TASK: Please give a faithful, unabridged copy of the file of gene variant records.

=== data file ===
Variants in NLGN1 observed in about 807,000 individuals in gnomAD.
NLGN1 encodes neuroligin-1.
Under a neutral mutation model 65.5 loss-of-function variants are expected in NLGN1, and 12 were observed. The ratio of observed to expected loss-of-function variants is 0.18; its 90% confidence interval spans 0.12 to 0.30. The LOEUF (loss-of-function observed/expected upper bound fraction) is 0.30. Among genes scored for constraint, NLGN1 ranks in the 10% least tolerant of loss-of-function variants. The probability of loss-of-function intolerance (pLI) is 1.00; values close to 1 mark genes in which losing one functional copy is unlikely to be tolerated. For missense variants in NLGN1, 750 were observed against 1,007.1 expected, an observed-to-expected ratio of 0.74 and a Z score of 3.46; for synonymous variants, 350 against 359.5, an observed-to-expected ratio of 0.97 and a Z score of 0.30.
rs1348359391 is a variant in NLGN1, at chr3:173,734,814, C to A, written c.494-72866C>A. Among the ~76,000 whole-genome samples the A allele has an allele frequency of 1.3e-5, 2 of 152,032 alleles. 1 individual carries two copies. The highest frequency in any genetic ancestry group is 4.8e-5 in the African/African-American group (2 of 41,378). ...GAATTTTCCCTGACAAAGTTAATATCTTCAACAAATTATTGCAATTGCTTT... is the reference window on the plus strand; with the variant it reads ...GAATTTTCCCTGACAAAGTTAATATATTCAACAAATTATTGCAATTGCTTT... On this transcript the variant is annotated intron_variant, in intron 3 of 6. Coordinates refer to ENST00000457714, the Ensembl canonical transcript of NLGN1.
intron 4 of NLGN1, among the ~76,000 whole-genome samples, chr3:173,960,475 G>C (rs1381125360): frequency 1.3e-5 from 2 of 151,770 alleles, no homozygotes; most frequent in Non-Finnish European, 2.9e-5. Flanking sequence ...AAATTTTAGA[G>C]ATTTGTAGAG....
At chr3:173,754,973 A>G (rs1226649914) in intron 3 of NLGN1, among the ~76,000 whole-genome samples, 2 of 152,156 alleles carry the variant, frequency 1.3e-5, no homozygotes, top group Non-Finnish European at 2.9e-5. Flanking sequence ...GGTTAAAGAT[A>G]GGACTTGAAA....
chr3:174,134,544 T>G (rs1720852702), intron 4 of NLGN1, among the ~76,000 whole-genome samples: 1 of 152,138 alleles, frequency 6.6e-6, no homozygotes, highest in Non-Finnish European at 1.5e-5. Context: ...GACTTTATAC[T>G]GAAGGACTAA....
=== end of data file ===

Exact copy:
Variants in NLGN1 observed in about 807,000 individuals in gnomAD.
NLGN1 encodes neuroligin-1.
Under a neutral mutation model 65.5 loss-of-function variants are expected in NLGN1, and 12 were observed. The ratio of observed to expected loss-of-function variants is 0.18; its 90% confidence interval spans 0.12 to 0.30. The LOEUF (loss-of-function observed/expected upper bound fraction) is 0.30. Among genes scored for constraint, NLGN1 ranks in the 10% least tolerant of loss-of-function variants. The probability of loss-of-function intolerance (pLI) is 1.00; values close to 1 mark genes in which losing one functional copy is unlikely to be tolerated. For missense variants in NLGN1, 750 were observed against 1,007.1 expected, an observed-to-expected ratio of 0.74 and a Z score of 3.46; for synonymous variants, 350 against 359.5, an observed-to-expected ratio of 0.97 and a Z score of 0.30.
rs1348359391 is a variant in NLGN1, at chr3:173,734,814, C to A, written c.494-72866C>A. Among the ~76,000 whole-genome samples the A allele has an allele frequency of 1.3e-5, 2 of 152,032 alleles. 1 individual carries two copies. The highest frequency in any genetic ancestry group is 4.8e-5 in the African/African-American group (2 of 41,378). ...GAATTTTCCCTGACAAAGTTAATATCTTCAACAAATTATTGCAATTGCTTT... is the reference window on the plus strand; with the variant it reads ...GAATTTTCCCTGACAAAGTTAATATATTCAACAAATTATTGCAATTGCTTT... On this transcript the variant is annotated intron_variant, in intron 3 of 6. Coordinates refer to ENST00000457714, the Ensembl canonical transcript of NLGN1.
intron 4 of NLGN1, among the ~76,000 whole-genome samples, chr3:173,960,475 G>C (rs1381125360): frequency 1.3e-5 from 2 of 151,770 alleles, no homozygotes; most frequent in Non-Finnish European, 2.9e-5. Flanking sequence ...AAATTTTAGA[G>C]ATTTGTAGAG....
At chr3:173,754,973 A>G (rs1226649914) in intron 3 of NLGN1, among the ~76,000 whole-genome samples, 2 of 152,156 alleles carry the variant, frequency 1.3e-5, no homozygotes, top group Non-Finnish European at 2.9e-5. Flanking sequence ...GGTTAAAGAT[A>G]GGACTTGAAA....
chr3:174,134,544 T>G (rs1720852702), intron 4 of NLGN1, among the ~76,000 whole-genome samples: 1 of 152,138 alleles, frequency 6.6e-6, no homozygotes, highest in Non-Finnish European at 1.5e-5. Context: ...GACTTTATAC[T>G]GAAGGACTAA....